Almost every book I have read on personal development suggests that one key method for massive personal success is to get up at stupid-o’clock in the morning, strap on your trainers and go out of the front door to greet the day with a run. The first thing I note about such books is that they are frequently written by Mid- to South-Californians and not the Welsh. I would challenge any Californian to get up in Brecon at 5AM in December, strap on their Magnum boots and go for a skiddy run-fall-snap.
The other thing I note is that early morning for those NOT self-employed, childless and of independent financial means is a time of stress, trying to get ready to comply with the quite reasonable expectations of their employers and children, in whatever order. Bearing in mind that the old 9-5 day became the 8-4 some time ago if you wanted a parking space, and for the same reason the day is quickly becoming a 7-3 if you don’t want to park half a mile from your workplace, a 6AM run would only last 5 minutes anyway.
Yes, I know there ARE people who love that early run but we are not all the same. I tried an early run twice and it was miserable, even in summer. For me. Mid-day, early evening, love it. 6.30AM – shove it.
Hyrum Smith asks, “What do you do for the magic 3 hours from 5AM to 8AM?” To be frank, I usually sleep for the first two.
Which brings me to another reason I hate early morning runs. It’s my wife. When I wake up, the wife does, too. If you’re as lucky as me, when you wake up together you have an opportunity to hold each other for a while before you get up. I am not willing to lose that for an exercise opportunity.
The funny thing was that because of all those books, I started to blame t’wife for my failure to exercise because I didn’t want to deprive her (us) of that cwtch*. I wasn’t running because of her needs. It was her fault I was fat because I don’t run in the dawn gloom.
Blaming other people for our failures to execute in some life areas is easy. It absolves us of responsibility for what we aren’t doing that we know we should be doing. But that is a slippery slope, because one thing all the PD writers say that I absolutely agree with is that We are responsible for our situation, even if that responsibility lies only in how we choose to respond to our situation.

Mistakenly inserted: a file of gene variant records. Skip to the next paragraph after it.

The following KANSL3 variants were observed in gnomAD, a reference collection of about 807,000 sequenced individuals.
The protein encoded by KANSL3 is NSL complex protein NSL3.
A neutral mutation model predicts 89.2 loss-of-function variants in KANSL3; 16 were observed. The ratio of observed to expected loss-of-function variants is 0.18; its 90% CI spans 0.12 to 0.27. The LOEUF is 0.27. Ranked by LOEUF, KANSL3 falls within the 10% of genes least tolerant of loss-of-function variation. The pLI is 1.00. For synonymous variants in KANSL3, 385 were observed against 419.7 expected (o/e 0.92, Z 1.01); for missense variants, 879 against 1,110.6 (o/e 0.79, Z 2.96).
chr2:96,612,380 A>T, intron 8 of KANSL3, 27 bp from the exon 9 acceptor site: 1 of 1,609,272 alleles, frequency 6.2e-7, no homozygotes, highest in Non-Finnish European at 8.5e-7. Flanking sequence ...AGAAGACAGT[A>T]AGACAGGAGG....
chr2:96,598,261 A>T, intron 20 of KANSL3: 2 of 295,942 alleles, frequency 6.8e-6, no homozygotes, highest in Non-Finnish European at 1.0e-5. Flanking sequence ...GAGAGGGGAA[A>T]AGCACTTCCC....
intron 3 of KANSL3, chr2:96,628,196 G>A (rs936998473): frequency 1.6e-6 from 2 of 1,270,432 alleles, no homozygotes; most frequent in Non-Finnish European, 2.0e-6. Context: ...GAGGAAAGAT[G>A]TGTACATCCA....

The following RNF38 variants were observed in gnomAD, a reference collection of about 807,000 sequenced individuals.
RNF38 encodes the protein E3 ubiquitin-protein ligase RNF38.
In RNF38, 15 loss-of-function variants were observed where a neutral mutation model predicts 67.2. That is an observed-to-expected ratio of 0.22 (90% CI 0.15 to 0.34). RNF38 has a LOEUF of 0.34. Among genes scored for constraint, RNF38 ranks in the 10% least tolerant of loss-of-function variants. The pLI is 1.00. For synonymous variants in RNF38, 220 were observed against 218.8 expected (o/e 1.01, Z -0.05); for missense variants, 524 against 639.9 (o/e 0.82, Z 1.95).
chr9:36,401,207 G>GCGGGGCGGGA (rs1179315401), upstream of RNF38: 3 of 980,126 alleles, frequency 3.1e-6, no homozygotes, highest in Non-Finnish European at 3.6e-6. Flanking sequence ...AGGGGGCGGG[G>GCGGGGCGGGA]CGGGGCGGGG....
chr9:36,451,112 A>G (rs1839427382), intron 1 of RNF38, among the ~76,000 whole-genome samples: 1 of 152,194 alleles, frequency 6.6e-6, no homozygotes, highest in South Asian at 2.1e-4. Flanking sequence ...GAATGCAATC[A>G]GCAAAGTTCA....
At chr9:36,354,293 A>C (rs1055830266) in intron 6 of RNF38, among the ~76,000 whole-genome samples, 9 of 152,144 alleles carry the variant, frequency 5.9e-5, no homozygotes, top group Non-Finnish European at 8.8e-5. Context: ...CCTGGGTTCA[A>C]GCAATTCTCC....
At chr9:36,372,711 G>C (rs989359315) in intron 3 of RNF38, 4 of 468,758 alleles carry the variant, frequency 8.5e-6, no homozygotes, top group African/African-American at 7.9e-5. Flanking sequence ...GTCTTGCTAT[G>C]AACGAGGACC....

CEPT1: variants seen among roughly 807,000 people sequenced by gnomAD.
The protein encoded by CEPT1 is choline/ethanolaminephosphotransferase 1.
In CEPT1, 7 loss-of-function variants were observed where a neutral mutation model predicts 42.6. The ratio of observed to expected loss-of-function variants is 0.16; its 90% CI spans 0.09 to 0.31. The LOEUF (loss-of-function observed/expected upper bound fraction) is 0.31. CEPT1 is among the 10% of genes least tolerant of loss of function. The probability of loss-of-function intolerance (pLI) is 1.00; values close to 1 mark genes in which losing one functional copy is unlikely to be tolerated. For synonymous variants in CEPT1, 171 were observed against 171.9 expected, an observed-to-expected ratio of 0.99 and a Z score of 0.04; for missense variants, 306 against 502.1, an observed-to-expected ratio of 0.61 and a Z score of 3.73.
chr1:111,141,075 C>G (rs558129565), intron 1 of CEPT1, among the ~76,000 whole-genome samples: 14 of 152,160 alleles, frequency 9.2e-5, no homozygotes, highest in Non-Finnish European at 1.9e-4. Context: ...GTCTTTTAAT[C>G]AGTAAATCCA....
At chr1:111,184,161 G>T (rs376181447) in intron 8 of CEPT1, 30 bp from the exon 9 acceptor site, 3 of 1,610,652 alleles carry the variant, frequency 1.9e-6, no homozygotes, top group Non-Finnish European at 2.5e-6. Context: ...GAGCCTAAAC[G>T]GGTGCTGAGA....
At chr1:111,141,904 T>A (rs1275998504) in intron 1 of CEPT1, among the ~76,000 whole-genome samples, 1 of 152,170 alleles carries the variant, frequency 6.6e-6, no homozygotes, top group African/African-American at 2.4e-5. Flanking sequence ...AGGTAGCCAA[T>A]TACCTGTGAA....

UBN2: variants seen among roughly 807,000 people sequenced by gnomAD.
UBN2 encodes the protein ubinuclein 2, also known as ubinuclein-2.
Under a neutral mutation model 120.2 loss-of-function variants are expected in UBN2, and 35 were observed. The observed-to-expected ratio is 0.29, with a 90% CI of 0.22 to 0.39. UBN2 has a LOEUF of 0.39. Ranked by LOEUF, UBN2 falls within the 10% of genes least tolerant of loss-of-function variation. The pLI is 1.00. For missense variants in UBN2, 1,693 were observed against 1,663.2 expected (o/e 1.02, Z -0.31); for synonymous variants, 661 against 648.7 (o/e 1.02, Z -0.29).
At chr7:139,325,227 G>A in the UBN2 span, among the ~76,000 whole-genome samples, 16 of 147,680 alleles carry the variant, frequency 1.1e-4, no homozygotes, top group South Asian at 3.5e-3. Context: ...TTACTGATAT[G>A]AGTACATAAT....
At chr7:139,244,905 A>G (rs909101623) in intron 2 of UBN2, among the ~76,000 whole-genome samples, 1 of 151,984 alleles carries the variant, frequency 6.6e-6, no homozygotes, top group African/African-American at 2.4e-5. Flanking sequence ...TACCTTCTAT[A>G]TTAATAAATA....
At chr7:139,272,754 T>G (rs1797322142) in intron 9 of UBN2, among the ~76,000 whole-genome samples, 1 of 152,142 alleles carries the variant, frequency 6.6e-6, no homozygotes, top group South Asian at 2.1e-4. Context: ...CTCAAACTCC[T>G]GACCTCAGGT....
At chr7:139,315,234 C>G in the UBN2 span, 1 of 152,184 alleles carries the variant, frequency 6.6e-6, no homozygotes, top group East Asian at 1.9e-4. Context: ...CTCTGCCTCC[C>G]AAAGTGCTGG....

In other words, I am able to choose whether t’wife or an early morning run is the more important thing I need to do (I should rephrase that…).
I am able to decide what job I seek, even if I can’t dictate what I am expected to do when I get that job. I can decide how I respond to an imposition, and do a good job even though I didn’t want that (part of the) job in the first place.
Therefore, let me state quite clearly – I CHOOSE not to exercise in the morning. Just as, at the moment, I am choosing not to exercise at all. Which is a choice I must choose to change, and quickly, because I can’t find a reason not to. Damn it.
Oddly, when I am away from home I routinely go for a half hour on a treadmill at 6AM. Maybe it IS her fault after all………
In life, we are responsible for our decisions. Let’s make good ones but not just because someone promotes something that sounds good – it might not suit our situation and even if it might, what we gain may not be worth what we lose. Like cuddling a warm bum on a winter’s morn.
*Look it up, it’s Welsh.